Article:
White lace crocheted 1960s dress with metal zipper and metal hook with thread eye. This would best fit an NZ 10-12 (US6-8) and someone taller than 5"1', depending on how you'd like it to fit. I bought this online off a woman who bought it for her own wedding, and I think it would make an amazing wedding dress. I intended to take it in at the sides and hem it but now that it's arrived and I see how beautiful the construction is, as well as how beautifully the hem has been finished using the floral motif from the lace, I can't stand to alter it at all. There are a couple of small age spots and a couple of places where the joins of the embroidery are broken, but this is barely noticeable because of the complexity of the pattern.

Measurements are:
Shoulder to hem: 98cm / 38.5 inches
underarm to underarm: 49cm / 19 inches
Length of sleeve from shoulder seam to cuff : 55cm/ 21.5 inches

Cause this is so gorgeous I'm not sure how to price it, so if you are interested please email me (georgianess at gmail) with offers over $60NZ ($46AUD or $48USD). This one will go to the highest 'bidder'.

Ruby Boutique 'Gloria' dress in pale pink (NOT the blue of the second photo), size NZ12 $45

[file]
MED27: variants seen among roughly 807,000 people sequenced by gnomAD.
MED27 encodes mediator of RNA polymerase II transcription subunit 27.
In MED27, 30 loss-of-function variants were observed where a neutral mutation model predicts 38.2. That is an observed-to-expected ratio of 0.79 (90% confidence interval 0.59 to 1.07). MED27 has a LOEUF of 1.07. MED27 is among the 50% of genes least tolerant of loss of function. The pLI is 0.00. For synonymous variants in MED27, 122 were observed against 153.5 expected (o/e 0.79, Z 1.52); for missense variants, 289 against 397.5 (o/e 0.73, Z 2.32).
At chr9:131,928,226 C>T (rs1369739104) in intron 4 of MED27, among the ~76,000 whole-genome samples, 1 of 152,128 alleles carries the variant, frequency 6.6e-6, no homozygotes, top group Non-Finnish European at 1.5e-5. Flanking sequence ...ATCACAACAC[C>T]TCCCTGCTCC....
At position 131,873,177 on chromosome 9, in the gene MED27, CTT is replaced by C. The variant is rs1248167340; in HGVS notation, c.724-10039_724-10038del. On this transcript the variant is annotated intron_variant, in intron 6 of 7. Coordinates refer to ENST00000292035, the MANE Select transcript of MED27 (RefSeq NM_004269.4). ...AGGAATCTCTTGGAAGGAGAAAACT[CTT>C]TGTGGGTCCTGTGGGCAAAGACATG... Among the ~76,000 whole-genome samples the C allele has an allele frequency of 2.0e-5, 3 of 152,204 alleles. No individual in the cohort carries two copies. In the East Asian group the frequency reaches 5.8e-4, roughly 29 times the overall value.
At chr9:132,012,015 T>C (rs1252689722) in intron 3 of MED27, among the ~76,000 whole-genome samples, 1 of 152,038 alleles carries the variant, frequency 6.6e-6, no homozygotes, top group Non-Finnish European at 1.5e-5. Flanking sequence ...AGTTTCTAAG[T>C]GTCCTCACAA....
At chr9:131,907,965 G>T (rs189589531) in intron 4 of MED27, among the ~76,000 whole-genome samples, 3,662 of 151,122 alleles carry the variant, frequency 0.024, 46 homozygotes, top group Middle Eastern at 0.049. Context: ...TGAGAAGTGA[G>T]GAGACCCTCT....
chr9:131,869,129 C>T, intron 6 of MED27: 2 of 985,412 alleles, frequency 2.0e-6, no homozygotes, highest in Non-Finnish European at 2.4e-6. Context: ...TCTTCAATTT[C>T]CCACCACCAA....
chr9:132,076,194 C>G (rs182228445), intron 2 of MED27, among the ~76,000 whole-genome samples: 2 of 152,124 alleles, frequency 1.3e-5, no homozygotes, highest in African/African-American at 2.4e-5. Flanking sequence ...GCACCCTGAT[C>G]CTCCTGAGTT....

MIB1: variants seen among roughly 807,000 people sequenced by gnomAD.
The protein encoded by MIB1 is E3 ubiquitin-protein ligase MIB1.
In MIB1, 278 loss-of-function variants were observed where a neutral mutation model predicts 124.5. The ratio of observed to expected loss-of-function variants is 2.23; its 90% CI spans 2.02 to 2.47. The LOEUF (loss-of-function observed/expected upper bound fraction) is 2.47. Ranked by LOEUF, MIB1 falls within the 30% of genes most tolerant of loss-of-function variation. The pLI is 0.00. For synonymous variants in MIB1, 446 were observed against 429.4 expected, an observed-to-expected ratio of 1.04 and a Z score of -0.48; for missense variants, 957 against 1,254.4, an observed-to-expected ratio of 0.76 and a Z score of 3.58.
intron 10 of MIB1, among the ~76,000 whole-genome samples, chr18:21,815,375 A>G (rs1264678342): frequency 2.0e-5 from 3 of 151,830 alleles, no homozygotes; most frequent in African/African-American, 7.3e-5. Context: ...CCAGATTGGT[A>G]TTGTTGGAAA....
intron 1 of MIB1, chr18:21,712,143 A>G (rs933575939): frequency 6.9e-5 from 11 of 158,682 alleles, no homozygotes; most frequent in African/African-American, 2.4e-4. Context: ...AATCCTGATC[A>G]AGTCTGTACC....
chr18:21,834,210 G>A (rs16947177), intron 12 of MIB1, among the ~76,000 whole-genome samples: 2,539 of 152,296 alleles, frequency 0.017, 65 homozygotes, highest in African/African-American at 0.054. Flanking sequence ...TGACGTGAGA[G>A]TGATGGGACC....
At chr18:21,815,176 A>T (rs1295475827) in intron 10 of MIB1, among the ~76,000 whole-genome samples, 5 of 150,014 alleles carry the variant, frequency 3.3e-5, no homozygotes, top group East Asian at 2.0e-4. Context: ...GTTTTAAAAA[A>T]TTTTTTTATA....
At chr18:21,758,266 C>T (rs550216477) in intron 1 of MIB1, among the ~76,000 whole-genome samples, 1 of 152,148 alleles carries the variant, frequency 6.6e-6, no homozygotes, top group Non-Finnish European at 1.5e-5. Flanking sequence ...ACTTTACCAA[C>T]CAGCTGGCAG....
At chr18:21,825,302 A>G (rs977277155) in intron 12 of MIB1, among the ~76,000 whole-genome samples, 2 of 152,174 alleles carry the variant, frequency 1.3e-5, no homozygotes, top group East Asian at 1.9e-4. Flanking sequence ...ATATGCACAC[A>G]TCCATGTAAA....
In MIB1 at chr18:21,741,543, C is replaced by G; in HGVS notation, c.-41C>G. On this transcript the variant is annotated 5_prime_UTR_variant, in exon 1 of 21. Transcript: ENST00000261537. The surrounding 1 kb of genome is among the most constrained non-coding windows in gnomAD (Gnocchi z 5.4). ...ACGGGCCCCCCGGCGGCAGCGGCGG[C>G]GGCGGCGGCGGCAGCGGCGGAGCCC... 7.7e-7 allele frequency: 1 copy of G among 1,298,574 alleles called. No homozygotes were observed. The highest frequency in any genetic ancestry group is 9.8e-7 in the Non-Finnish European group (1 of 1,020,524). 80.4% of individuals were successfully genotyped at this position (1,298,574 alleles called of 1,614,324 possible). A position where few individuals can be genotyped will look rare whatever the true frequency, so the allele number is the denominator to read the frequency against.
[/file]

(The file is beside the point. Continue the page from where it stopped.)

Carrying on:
This is meant to be a little slouchy because of the style- I am an NZ10 and this fits me nicely. Side zipper, textured swiss dot fabric, unlined bodice and three-layered tiered skirt. This was $310 new and I have it in two colours which is difficult to justify. My pink one is packed away at the moment and I am temporarily unable to get it out, but I can have it out by tomorrow if you'd like to buy it/see photos of its actual colour.

Plaid 1980s flannel jumper dress. $10

Awesome warm flannel plaid/tartan checked 1980s jumper dress. This is made of a really lovely warm fabric and is great for winter, but the drop-waisted style doesn't suit me. It measures 47cm / 18.5 inches from armpit to armpit.

George Hess originals 1950s plaid day dress size NZ12 $30

A 'George Hess Originals' autumnal 1950s day dress with full pleated skirt and double-breasted buttoned bodice. This is a really flattering cut and an amazing genuine fifties dress, I just have too many of them. It measures 53cm / 21 inches from armpit to armpit.

1970s paisley midi skirt $25

Gorgeous longer-length 1970s burgundy paisley skirt with button-up front and pleating. The waist measures 37 cm / 14.5 inches across lying flat, but this has been taken in at the sides and could easily be let out. The colours are much more vibrant than the photo shows.

Pierre Cardin stripe sweater $15

Cute striped blue, white, black and yellow knit sweater. The label has been cut out but the embroidery at the chest reads Pierre Cardin. This is probably made for boys but anybody could wear it. The knit feels like it is partially composed of wool. It measures 48cm / 18 inches from armpit to armpit and has a slightly cropped fit.

Dark red chevron sweater $15

Gorgeous dark red vintage made-in-New Zealand sweater with chevron or arrow shaped pattern in the front. The label is Bonds Knits, which used to be a subsidiary of what is now Bonds the underwear brand! The label says 70% arylic, 30% wool and it's nice and soft. It measures 48 cm / 18 inches from armpit to armpit. The colour is a darker reddish-pink than what is shown in the picture.